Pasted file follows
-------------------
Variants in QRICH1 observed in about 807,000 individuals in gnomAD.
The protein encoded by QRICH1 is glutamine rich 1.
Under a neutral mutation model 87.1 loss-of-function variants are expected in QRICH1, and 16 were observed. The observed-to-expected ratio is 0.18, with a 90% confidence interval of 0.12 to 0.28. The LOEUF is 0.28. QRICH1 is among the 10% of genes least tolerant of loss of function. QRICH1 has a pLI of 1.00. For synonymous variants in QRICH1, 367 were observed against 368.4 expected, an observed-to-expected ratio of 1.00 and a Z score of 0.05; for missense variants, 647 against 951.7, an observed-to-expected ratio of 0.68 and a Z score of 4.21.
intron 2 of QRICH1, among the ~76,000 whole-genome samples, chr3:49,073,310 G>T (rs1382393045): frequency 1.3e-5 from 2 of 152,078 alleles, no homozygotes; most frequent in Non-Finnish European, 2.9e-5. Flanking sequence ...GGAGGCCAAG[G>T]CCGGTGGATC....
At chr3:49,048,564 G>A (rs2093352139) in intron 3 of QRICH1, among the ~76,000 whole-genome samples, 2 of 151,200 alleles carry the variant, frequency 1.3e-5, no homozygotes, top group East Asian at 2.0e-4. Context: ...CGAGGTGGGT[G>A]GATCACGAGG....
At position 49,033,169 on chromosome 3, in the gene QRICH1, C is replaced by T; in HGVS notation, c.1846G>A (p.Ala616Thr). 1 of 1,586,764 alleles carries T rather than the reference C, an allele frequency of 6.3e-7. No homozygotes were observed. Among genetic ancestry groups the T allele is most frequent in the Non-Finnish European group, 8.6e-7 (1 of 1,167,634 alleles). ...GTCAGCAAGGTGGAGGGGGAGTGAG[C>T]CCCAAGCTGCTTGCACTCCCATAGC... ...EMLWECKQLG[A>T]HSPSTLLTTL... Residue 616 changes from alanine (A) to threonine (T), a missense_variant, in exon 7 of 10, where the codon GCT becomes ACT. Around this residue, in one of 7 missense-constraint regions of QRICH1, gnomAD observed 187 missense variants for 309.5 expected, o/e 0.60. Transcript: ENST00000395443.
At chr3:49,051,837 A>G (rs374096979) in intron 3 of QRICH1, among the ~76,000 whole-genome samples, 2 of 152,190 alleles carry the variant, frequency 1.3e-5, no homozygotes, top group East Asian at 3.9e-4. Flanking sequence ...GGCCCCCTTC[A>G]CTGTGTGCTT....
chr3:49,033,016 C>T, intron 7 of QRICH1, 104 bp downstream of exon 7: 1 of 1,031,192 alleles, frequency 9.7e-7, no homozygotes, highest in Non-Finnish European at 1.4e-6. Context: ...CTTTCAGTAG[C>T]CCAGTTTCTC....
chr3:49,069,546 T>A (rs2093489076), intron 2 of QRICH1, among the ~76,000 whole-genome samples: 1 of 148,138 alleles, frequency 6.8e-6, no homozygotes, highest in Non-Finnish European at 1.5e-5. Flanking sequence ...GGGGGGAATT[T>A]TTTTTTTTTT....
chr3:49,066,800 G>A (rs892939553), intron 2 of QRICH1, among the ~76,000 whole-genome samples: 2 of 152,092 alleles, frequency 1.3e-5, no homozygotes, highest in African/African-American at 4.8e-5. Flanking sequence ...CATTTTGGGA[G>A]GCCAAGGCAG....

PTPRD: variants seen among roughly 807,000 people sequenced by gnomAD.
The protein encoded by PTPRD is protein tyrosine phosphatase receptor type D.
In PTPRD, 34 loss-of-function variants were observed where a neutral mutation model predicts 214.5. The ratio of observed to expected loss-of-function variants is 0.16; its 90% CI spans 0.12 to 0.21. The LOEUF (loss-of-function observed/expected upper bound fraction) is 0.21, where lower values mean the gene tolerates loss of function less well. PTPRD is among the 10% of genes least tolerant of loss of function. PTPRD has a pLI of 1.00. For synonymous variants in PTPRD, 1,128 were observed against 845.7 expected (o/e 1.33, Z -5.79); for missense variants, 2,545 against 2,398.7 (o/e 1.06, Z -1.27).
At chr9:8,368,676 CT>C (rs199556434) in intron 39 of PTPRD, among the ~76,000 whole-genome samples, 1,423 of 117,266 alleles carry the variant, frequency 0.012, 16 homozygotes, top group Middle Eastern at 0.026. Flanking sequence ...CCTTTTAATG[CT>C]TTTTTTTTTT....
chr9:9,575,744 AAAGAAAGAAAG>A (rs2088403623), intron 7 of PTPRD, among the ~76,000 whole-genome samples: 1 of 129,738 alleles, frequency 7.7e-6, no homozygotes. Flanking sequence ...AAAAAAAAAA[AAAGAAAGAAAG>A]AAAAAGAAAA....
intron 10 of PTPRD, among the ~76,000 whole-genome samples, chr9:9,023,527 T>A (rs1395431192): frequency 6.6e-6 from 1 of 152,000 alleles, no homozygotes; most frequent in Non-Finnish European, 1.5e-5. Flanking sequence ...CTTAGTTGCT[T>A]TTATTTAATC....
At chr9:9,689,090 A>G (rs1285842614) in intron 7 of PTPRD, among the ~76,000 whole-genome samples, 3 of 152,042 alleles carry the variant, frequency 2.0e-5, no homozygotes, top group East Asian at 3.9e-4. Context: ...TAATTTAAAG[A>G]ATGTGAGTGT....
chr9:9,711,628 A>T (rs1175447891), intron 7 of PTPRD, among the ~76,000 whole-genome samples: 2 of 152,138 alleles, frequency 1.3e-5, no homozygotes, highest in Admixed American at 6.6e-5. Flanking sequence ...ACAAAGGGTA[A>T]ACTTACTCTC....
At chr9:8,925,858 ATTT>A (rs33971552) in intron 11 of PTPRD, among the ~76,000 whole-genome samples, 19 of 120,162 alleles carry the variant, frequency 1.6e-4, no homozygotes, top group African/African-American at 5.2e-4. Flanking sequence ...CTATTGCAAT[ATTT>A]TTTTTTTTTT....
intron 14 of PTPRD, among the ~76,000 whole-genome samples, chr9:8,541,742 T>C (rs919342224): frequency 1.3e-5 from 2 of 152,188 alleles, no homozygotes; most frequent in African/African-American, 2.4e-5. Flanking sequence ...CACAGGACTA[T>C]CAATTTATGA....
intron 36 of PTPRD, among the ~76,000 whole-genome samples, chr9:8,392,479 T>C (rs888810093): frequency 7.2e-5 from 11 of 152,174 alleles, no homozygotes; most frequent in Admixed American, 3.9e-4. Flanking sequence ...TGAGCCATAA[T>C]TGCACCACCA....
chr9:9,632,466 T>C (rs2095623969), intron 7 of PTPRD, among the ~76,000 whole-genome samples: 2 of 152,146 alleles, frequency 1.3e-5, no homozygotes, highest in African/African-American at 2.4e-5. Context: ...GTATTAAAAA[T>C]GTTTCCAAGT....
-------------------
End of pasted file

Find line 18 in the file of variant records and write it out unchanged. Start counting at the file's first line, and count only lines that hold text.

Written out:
chr9:9,711,628 A>T (rs1175447891), intron 7 of PTPRD, among the ~76,000 whole-genome samples: 2 of 152,138 alleles, frequency 1.3e-5, no homozygotes, highest in Admixed American at 6.6e-5. Flanking sequence ...ACAAAGGGTA[A>T]ACTTACTCTC....